It would be no different if someone hits your car in the parking lot and doesn't leave a note. Can you get their license plate number and sue them? Yes.

Can you weave through traffic while chasing them with a loaded weapon and performing a "citizens arrest"? Well, you can but chances are you will go to jail for it. You are making a bad situation worse.

Hackett will be getting off easy. I'm a big believer in the 2nd Amendment but even if someone broke into your house and you surprised them with a gun - if they take off running and you shoot them in the back then it is likely you would be prosecuted.

Posted by: smantix at January 14, 2007 02:41 PM

smantix, you are going WAY beyond the known information to cast Hackett as committing crimes. You seem to be pulling allegations out of your posterior orifice. Do you have a seat on that grand jury? Were you at the scene? Do you work at the Hamilton County DA's office? No?

You're blatantly making things up to attack Hackett. I don't care for Hackett's politics, but I'm not going to lynch him just because I don't like him and think he was a dumbass to follow the car. Which seems to be your approach. We can wait for the facts, and the grand jury will indict or not indict based on better info than we have available. But if the responding officers did not see fit to arrest, it's unlikely he'll be prosecuted.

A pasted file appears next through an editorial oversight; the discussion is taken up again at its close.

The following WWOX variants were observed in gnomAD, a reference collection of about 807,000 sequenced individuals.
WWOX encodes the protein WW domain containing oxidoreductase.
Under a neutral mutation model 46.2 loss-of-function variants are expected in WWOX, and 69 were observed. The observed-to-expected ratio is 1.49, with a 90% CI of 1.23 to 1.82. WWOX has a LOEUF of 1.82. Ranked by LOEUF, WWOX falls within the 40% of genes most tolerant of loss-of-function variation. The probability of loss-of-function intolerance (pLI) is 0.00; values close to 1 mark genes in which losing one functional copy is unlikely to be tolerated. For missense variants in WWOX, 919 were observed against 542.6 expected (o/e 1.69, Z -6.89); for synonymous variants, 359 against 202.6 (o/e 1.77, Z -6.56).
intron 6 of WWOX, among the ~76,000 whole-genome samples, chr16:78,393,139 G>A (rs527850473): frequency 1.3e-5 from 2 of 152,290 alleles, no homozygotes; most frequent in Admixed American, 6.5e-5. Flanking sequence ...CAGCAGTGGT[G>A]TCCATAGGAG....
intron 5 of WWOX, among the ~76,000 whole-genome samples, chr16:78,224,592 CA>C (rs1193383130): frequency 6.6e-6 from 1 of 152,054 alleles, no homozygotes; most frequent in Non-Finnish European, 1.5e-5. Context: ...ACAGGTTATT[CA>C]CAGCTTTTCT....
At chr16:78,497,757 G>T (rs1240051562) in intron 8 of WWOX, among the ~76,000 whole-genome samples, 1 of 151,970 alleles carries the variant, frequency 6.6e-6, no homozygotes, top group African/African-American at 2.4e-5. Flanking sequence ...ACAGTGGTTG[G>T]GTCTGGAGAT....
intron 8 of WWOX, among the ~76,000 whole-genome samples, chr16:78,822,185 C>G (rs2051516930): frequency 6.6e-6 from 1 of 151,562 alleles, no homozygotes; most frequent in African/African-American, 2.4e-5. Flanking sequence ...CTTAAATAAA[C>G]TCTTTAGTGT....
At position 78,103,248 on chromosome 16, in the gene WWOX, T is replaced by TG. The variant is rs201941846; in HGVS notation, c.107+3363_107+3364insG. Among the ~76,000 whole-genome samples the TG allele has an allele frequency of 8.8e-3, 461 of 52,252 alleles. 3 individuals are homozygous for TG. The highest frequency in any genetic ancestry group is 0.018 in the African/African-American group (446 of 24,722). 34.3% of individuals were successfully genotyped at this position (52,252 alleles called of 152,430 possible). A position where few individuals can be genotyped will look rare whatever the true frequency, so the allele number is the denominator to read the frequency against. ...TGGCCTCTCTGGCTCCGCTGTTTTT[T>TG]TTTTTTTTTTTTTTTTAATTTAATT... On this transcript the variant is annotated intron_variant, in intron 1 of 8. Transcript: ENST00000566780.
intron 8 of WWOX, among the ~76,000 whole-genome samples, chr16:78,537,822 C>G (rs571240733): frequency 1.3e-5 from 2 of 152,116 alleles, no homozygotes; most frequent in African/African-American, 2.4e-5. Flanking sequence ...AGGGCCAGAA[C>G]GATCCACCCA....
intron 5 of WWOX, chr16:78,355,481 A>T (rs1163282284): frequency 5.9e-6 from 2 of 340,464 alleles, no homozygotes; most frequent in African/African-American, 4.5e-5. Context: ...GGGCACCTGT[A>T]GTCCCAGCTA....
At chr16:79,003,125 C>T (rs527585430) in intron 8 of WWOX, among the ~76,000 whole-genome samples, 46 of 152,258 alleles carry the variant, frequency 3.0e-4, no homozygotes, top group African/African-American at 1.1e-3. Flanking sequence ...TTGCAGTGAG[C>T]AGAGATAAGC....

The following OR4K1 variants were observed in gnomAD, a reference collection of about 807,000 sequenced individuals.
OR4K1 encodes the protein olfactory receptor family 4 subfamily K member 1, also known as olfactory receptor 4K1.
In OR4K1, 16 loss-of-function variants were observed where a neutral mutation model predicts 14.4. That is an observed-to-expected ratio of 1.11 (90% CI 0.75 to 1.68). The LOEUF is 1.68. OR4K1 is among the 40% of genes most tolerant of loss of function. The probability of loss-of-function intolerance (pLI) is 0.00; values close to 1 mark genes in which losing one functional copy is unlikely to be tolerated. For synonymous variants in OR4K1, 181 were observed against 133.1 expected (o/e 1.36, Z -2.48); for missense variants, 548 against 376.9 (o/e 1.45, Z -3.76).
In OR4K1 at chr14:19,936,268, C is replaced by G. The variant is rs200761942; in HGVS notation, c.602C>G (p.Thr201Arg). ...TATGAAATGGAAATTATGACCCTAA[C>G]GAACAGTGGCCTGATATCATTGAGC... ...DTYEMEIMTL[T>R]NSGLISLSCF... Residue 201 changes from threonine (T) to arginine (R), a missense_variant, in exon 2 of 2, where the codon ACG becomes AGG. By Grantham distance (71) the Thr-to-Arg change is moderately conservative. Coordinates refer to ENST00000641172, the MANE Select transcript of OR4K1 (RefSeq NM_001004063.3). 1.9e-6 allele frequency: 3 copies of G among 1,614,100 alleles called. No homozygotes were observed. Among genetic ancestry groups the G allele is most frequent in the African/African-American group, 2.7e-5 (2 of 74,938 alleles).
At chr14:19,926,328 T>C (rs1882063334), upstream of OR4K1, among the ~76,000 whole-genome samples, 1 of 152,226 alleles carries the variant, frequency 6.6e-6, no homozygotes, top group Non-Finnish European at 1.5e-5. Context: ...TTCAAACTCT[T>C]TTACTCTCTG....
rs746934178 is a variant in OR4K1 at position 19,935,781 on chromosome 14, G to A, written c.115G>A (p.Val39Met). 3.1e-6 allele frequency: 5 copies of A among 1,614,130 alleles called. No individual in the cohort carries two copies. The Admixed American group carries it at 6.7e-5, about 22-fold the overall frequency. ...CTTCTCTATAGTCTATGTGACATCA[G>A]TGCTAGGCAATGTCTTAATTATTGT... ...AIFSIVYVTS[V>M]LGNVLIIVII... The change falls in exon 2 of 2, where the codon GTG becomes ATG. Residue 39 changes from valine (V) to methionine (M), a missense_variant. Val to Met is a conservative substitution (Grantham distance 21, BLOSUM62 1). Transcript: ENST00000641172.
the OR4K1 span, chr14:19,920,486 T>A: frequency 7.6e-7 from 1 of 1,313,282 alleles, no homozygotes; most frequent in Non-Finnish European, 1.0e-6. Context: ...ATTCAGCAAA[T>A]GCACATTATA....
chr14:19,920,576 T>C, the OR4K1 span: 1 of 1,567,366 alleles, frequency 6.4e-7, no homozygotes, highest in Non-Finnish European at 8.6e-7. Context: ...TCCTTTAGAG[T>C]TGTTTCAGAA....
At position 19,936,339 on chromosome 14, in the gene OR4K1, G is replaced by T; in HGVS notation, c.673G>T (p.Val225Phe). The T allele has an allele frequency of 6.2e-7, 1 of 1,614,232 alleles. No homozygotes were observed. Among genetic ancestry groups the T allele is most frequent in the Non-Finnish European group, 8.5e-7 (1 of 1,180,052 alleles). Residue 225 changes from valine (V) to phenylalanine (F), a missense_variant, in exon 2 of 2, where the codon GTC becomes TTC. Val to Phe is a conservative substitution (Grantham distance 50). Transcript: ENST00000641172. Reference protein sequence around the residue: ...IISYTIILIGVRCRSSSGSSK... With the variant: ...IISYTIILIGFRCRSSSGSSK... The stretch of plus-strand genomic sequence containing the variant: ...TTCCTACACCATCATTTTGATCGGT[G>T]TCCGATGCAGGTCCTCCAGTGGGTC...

Best guess would be that the complaint was forwarded to the grand jury by the lawyers of the arrested offenders, in an attempt to create some technical wiggle room for their clients' benefit, and/or to force charges against Hackett to bolster a civil suit of their own against him.

Posted by: Tully at January 15, 2007 03:52 PM

FWIW, in South Carolina, "brandishing" a weapon can mean simply allowing it to be seen.

smantix: and then drove off. Which doesn't necessarily justify Hackett's actions, but does change the context of the incident.

Posted by: Rick C at January 15, 2007 04:22 PM

That is a very conservative part of the country. The prosecutor is not going to give him a hard time for defending his home, not if the prosecutor wants to be re-elected.

Posted by: Robert Schwartz at January 15, 2007 08:09 PM

This is emphatically not "a very conservative part of the country," or of Ohio. Indian Hill is within a couple of miles of Xavier University, where Jesuit peaceniks decommissioned one of the country's top Olympic rifle teams, and staged a sit-in to keep ROTC students from attending their own military ball. CY's commentary is a modest proposal to give Hackett one dose of what he had up his sleeve for all the rest of us. Won't happen, but it's the thought that counts.

Posted by: comatus at January 15, 2007 10:50 PM

come on down to Florida we can shoot your ass for anything !

Posted by: carolina beach at January 16, 2007 08:59 AM